My setup includes a Rackbrute 6U with a Bastl Ciao! as my output which I run to a MOTU 828. To date I've been just running mono from it but looking now to use both L & R channels for stereo out into MOTU 828 into Ableton Live. The Ciao! says it has "balanced" 1/4 outputs...to run stereo to Ableton, would I just use a pair of unbalanced 1/4 - 1/4 (they have a red stripe on one cable and a black stripe on the other) connected into two inputs on the MOTU 828 (channels 7&8) and then each channel then has its own track in Ableton?

I also have the L(mono) and R 1/4 outputs from my Hydrasynth...seems like I would use the same type of cables from Hydrasynth to MOTU 828 (channels 5&6).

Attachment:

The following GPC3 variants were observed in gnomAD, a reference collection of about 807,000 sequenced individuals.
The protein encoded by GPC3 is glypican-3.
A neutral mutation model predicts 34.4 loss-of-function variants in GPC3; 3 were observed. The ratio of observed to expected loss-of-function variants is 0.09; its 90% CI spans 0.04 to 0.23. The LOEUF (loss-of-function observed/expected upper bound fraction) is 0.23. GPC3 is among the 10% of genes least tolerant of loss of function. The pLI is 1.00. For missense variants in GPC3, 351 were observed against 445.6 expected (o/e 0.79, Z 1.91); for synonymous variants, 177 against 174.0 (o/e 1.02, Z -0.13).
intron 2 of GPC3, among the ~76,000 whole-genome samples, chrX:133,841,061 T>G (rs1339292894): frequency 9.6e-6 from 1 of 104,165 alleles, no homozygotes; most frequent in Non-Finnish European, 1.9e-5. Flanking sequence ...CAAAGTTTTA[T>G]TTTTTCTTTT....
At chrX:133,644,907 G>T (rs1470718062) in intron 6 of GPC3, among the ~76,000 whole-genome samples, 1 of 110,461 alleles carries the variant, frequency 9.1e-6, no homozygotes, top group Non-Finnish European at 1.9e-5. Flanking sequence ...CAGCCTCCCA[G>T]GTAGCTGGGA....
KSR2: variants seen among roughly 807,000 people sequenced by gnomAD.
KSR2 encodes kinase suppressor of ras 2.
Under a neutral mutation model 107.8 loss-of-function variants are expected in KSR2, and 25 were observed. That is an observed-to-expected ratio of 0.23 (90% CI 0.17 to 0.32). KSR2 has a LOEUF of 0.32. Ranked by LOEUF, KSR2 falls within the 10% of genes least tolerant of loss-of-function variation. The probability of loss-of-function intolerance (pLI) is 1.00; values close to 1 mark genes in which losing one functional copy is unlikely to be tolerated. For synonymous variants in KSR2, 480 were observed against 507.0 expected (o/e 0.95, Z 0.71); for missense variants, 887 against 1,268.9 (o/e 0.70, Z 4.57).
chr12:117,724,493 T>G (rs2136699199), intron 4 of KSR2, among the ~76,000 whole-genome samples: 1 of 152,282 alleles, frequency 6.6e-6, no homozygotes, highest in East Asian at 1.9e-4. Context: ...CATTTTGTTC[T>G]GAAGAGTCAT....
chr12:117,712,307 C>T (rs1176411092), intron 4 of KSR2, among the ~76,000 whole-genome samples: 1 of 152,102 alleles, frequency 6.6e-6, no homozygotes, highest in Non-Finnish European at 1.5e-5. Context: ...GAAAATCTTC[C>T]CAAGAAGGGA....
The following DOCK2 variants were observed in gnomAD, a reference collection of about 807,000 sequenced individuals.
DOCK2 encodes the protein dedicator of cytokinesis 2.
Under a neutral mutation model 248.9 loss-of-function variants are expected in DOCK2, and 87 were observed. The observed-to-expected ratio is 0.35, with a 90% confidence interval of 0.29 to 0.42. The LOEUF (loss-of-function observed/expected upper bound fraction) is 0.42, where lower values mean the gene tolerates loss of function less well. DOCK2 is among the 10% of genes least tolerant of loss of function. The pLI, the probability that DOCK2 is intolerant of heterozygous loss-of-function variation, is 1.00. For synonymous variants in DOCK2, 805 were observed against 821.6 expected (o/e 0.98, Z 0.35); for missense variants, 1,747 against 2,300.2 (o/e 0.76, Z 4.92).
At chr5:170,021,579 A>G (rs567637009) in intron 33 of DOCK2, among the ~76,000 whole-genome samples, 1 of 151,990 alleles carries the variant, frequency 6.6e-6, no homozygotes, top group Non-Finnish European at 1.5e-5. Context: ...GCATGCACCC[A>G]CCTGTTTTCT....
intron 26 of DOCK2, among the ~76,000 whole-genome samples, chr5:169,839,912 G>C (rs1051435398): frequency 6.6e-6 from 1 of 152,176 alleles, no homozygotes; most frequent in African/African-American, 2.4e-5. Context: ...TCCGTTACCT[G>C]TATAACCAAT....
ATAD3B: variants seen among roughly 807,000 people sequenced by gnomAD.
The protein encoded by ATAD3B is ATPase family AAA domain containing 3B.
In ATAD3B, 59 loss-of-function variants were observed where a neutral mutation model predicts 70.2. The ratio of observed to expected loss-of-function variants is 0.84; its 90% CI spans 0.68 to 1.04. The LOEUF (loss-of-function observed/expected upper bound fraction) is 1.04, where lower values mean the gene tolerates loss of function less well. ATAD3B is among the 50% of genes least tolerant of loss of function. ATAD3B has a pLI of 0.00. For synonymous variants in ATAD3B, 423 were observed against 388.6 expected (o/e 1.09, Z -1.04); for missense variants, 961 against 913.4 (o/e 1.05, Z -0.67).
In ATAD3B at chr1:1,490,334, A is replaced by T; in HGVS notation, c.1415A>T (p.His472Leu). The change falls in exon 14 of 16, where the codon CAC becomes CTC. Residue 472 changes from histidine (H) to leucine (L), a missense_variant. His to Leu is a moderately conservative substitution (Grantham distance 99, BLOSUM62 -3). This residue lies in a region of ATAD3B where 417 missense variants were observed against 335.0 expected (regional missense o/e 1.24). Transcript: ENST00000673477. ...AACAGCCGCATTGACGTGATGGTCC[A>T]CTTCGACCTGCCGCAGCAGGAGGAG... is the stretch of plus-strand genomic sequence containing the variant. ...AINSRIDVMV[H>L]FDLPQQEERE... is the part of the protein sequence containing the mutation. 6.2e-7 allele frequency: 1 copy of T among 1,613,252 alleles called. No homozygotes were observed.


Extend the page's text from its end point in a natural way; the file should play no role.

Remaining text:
I had been using 1/4" - 3/5mm from my Hydrasynth to Ladik A-520 preamp and then into stereo mixer in on my Cosmotronic Cosmix and then main stereo out to the Ciao! but only out from L(mono) of Ciao! into one channel of my MOTU 828...so missing out on any stereo signal from Hydrasynth.

Think I want to go L/R directly out from Hydrasynth into MOTU 828...but will use a 1/4" - 3.5mm from the headphone output into the Ladik preamp to process that signal in the modular (because I can...I think).

So, for a stereo signal, I use mono cables to L/R? Is a stereo cable only used when there is a single output labeled stereo? Do each of my L/R cables need to be stereo to get 'stereo'?

JB


use 2 mono 1/4" - 3/5mm cables L->L/R->R this will give you stereo

stereo cables are only used when a single output and input specifically state stereo

pro gear does not do this

most eurorack is pro gear